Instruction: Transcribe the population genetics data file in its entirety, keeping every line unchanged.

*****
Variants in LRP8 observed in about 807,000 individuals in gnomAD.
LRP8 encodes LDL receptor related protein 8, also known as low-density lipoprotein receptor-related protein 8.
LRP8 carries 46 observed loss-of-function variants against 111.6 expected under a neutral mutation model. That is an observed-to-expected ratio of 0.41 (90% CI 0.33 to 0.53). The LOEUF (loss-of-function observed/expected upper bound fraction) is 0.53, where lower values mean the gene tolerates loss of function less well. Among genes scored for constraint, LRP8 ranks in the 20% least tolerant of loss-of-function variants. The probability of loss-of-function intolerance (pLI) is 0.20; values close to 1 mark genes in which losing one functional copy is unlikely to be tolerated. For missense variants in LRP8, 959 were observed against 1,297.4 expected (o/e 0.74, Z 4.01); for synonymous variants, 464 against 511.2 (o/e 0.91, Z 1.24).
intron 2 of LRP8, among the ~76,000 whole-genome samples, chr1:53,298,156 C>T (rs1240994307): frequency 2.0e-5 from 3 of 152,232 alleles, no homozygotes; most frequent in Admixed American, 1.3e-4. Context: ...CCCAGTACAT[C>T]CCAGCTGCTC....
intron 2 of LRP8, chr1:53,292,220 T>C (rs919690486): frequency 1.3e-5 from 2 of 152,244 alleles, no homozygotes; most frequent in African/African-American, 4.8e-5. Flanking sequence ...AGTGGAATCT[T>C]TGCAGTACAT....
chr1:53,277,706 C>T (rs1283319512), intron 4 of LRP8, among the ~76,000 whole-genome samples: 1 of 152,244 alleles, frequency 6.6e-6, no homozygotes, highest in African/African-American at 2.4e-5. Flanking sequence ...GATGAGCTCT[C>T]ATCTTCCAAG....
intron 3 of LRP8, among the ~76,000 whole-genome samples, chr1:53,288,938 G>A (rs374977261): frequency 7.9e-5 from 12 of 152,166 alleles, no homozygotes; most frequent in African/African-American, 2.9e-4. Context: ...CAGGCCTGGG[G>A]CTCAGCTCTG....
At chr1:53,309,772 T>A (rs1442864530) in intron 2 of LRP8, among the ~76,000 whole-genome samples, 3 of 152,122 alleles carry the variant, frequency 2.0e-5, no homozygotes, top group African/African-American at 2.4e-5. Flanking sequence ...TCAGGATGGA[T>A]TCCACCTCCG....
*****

Variants in LRP8 observed in about 807,000 individuals in gnomAD.
LRP8 encodes LDL receptor related protein 8, also known as low-density lipoprotein receptor-related protein 8.
LRP8 carries 46 observed loss-of-function variants against 111.6 expected under a neutral mutation model. That is an observed-to-expected ratio of 0.41 (90% CI 0.33 to 0.53). The LOEUF (loss-of-function observed/expected upper bound fraction) is 0.53, where lower values mean the gene tolerates loss of function less well. Among genes scored for constraint, LRP8 ranks in the 20% least tolerant of loss-of-function variants. The probability of loss-of-function intolerance (pLI) is 0.20; values close to 1 mark genes in which losing one functional copy is unlikely to be tolerated. For missense variants in LRP8, 959 were observed against 1,297.4 expected (o/e 0.74, Z 4.01); for synonymous variants, 464 against 511.2 (o/e 0.91, Z 1.24).
intron 2 of LRP8, among the ~76,000 whole-genome samples, chr1:53,298,156 C>T (rs1240994307): frequency 2.0e-5 from 3 of 152,232 alleles, no homozygotes; most frequent in Admixed American, 1.3e-4. Context: ...CCCAGTACAT[C>T]CCAGCTGCTC....
intron 2 of LRP8, chr1:53,292,220 T>C (rs919690486): frequency 1.3e-5 from 2 of 152,244 alleles, no homozygotes; most frequent in African/African-American, 4.8e-5. Flanking sequence ...AGTGGAATCT[T>C]TGCAGTACAT....
chr1:53,277,706 C>T (rs1283319512), intron 4 of LRP8, among the ~76,000 whole-genome samples: 1 of 152,244 alleles, frequency 6.6e-6, no homozygotes, highest in African/African-American at 2.4e-5. Flanking sequence ...GATGAGCTCT[C>T]ATCTTCCAAG....
intron 3 of LRP8, among the ~76,000 whole-genome samples, chr1:53,288,938 G>A (rs374977261): frequency 7.9e-5 from 12 of 152,166 alleles, no homozygotes; most frequent in African/African-American, 2.9e-4. Context: ...CAGGCCTGGG[G>A]CTCAGCTCTG....
At chr1:53,309,772 T>A (rs1442864530) in intron 2 of LRP8, among the ~76,000 whole-genome samples, 3 of 152,122 alleles carry the variant, frequency 2.0e-5, no homozygotes, top group African/African-American at 2.4e-5. Flanking sequence ...TCAGGATGGA[T>A]TCCACCTCCG....